The disagreement over the Treaty was really about whether to bank significant gains or whether to persevere until the Republic could be won.

The civil war dissipated the high hopes of ‘the four glorious years’, and represented a serious setback. The bitterness engendered by attacks and reprisals remained and coloured politics for a long time. The fight went on too long, but was coming close to an end when Liam Lynch was shot on the slopes of the Knockmealdown Mountains. It was clear to most of the Republican leaders at the time that a new and purely political strategy would have to be adopted, if Republican aims were to be further pursued. Over the next quarter of a century, politics did succeed in removing the restrictions on the freedom of the Irish State. Dominion status was not a success. Irish democracy was. Republican politics succeeded and won public support, provided it steered clear of war.

Nowadays, there is a broad political, economic and academic consensus that wants to write off as failure the first 40 or 50 years of independence. I regard that as very unfair. Such criticism has little regard to the difficult international environment of the 1920s and 1930s, not to mention the war years. Yet comparisons are made between countries as if normal conditions prevailed. Solid institutions were established, and Irish democracy survived much better than most. Catholic social policy, whatever its shortcomings, was an infinitely more benign foundation for society than fascism, national socialism, or Stalinism. In those times, it would have been difficult to establish an initial domestic industrial base without resort to protection. Ireland in those days was determined not be a British vassal state, and there was a certain price to be paid for that. Ireland, having been largely spared war damage, did not have the stimulus of post-war reconstruction, and, where criticism is fair, it was slow to adapt to the new post-war environment.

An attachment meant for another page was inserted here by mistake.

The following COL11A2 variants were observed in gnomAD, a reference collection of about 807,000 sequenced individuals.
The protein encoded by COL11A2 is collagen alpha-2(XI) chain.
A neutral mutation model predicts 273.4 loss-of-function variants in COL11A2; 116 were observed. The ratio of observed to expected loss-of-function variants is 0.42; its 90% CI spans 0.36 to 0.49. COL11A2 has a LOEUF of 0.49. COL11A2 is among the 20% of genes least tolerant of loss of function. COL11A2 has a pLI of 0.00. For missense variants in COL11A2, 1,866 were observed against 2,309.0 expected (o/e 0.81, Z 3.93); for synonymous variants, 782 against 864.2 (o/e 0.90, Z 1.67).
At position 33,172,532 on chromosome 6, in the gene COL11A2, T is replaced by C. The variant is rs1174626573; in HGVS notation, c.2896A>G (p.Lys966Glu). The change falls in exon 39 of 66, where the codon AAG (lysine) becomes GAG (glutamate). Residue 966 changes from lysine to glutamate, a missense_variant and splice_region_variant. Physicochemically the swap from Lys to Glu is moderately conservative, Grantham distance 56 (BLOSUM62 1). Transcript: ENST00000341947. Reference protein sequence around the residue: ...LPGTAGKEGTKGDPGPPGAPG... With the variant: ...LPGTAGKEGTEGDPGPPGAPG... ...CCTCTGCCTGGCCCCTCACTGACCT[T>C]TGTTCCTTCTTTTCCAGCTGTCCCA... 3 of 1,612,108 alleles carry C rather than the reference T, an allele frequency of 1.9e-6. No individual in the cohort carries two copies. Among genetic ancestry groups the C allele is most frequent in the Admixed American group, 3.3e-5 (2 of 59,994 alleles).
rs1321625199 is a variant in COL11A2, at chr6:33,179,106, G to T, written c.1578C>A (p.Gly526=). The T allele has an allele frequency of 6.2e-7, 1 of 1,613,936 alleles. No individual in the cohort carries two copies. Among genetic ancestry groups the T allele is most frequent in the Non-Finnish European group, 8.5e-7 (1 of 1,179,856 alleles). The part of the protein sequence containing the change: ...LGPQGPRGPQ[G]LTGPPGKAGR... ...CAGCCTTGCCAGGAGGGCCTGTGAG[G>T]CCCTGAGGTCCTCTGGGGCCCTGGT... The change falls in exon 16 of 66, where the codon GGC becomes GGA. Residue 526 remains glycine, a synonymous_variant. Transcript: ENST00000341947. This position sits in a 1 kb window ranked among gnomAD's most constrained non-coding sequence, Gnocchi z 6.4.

However, the Treaty provided no stepping stone to a united Ireland. It was only after long trials and tragic further conflict that an accommodation was finally arrived at, which has been the basis for a transformation in relations. The border in a physical sense has disappeared at least for now. The Taoiseach Enda Kenny has re-emphasized a key feature of the Good Friday Agreement in Oxford this weekend at the British-Irish Association Conference, when he stated:

‘The possibility of unity by consent must be maintained as a valid democratic option into the future. That means that, if there were democratic consent to Irish unity at some time in the future, there must be a mechanism to ensure that democratic decision can be implemented within the European Union, as was the case in Germany’.

As Chancellor Kohl and other German leaders have acknowledged, Charles Haughey, President of the European Council in the first half of 1990, was particularly helpful in facilitating the integration of a united Germany into the European Union over the objections of Mrs. Thatcher. His successors Albert Reynolds and Bertie Ahern ensured that the keeping open of long-term constitutional options was a centrepiece of the Good Friday Agreement.

Recent discussion of this follows on the new challenge presented by Brexit, the implications of which are still far from clear. It is difficult to see what the advantages are for Northern Ireland, or what the reaction will be of foreign investors in Britain who established there on the basis of guaranteed access to a single market of roughly 500 million people, if that is incompatible with the desire to control EU migration. In due course, no doubt, a new equilibrium will be established, and both Britain and Ireland have a strong mutual interest in maintaining their high volume of trade. Ireland of course has always represented an important part of Britain’s security of food supply. The warm relations that now exist between the two islands as a consequence of the peace process should be of positive assistance to us now.